Wanted Dead: Alligatorweed

Wanted Dead: Alligatorweed

Scientific Name: Alternanthera philoxeroides

A native of South America, alligatorweed was inadvertently introduced to Southeastern U.S. in the late 1800s. Its white flowers are clover-like and bloom a summer.

Most commonly found floating in mats along the water’s edge, alligatorweed also grows immersed and even terrestrially. Its opposing leaves are lance shaped, 1-2 inches long, and have a distinct midrib. When it grows aquatically, its stems grow hollow for buoyancy.

Damage — Alligatorweed infestations cause several problems. Flooding and erosion; the floating mats can get caught up around dams and other structures, such as fallen trees and bottlenecks. It has been known to  grow across waterways to become a hazard to navigation. Infestations dampen aesthetic value, inhibit recreational activities such as boating, swimming, and fishing, and harbor mosquitoes.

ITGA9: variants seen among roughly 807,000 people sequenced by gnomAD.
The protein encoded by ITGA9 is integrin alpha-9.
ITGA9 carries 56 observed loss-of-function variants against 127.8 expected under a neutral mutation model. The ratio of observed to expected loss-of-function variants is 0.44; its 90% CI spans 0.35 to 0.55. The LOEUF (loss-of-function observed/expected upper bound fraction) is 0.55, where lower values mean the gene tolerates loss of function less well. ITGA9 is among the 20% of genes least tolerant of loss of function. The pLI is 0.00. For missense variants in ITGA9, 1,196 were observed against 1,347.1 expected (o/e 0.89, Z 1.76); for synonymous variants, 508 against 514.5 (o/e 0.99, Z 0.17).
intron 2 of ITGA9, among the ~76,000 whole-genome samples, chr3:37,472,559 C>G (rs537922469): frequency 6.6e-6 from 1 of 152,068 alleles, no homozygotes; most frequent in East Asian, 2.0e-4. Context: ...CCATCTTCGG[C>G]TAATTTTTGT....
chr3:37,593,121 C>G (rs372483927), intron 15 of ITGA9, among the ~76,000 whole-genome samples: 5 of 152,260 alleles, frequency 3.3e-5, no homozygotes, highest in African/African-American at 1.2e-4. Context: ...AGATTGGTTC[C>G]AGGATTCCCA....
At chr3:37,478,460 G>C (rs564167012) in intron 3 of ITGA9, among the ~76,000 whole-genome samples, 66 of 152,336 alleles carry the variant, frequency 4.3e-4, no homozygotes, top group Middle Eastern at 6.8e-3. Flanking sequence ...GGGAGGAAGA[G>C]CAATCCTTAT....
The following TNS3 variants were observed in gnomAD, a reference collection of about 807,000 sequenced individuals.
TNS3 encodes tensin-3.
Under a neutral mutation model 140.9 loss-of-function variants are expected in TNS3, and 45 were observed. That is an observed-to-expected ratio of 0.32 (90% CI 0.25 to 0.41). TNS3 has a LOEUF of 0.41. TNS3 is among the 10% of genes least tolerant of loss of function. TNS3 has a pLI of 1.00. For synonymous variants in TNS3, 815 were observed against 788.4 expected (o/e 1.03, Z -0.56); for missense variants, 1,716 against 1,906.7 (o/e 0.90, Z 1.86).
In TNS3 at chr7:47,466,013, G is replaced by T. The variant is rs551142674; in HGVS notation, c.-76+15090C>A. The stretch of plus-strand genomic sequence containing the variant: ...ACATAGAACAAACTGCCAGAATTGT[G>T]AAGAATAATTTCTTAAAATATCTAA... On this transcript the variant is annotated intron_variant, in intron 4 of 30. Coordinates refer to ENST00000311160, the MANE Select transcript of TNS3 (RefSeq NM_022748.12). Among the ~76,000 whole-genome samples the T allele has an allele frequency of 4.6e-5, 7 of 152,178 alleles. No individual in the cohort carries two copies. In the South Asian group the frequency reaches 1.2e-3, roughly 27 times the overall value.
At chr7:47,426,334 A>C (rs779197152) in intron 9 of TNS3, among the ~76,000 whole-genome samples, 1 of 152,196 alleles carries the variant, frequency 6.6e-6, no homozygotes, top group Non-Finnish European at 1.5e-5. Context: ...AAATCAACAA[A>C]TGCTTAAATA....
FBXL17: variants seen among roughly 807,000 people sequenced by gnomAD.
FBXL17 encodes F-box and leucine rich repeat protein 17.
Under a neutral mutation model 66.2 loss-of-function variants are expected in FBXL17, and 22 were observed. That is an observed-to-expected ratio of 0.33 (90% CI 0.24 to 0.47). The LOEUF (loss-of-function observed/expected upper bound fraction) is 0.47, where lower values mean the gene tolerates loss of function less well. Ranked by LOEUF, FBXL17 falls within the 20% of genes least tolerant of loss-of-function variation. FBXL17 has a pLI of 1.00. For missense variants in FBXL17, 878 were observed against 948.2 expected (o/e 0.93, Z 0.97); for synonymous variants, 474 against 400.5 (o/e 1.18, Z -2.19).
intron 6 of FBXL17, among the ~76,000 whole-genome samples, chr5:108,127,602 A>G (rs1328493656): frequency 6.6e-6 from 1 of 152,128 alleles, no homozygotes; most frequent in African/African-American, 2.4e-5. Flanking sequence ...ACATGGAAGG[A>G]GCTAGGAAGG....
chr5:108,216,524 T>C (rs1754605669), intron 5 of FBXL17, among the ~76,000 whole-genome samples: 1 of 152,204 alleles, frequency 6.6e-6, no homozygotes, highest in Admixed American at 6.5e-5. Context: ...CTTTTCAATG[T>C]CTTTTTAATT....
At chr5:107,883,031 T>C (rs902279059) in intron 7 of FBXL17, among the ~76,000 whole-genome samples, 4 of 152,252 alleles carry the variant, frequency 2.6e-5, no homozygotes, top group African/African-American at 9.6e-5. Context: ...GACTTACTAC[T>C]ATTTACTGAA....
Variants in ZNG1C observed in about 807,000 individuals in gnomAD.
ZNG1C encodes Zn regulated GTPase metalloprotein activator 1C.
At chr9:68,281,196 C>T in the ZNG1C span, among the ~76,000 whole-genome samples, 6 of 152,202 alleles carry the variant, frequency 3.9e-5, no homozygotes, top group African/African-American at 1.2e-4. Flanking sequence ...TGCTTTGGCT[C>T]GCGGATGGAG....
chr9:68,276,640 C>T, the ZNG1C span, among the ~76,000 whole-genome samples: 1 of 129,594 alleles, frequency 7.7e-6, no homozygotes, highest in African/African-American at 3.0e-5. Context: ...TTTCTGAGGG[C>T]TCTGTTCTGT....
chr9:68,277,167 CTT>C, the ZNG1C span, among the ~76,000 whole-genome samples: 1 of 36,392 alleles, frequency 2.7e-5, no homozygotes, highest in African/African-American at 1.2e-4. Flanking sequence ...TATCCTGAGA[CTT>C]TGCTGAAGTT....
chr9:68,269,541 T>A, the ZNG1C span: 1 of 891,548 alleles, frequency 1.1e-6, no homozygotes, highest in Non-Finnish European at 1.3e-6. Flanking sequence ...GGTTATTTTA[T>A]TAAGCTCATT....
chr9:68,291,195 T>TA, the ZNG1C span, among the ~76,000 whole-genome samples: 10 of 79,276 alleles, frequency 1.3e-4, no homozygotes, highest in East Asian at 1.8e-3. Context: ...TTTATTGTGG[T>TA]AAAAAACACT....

Spread – So far, alligatorweed has been spotted in 12 states and Puerto Rico, spreading mainly by  fragmentation. Boaters should beware when moving their trailers and watercraft from waters with alligatorweed present to insure they do not inadvertently spread this invasive.

Control – In North Carolina, herbicides are the primary method of control. It’s tough to manage – even annual herbicide sprayings can fail to control it. Two varieties of insects have been employed as biological control agents — the flea beetle and a stem borer moth. Neither are particularly effective in WNC.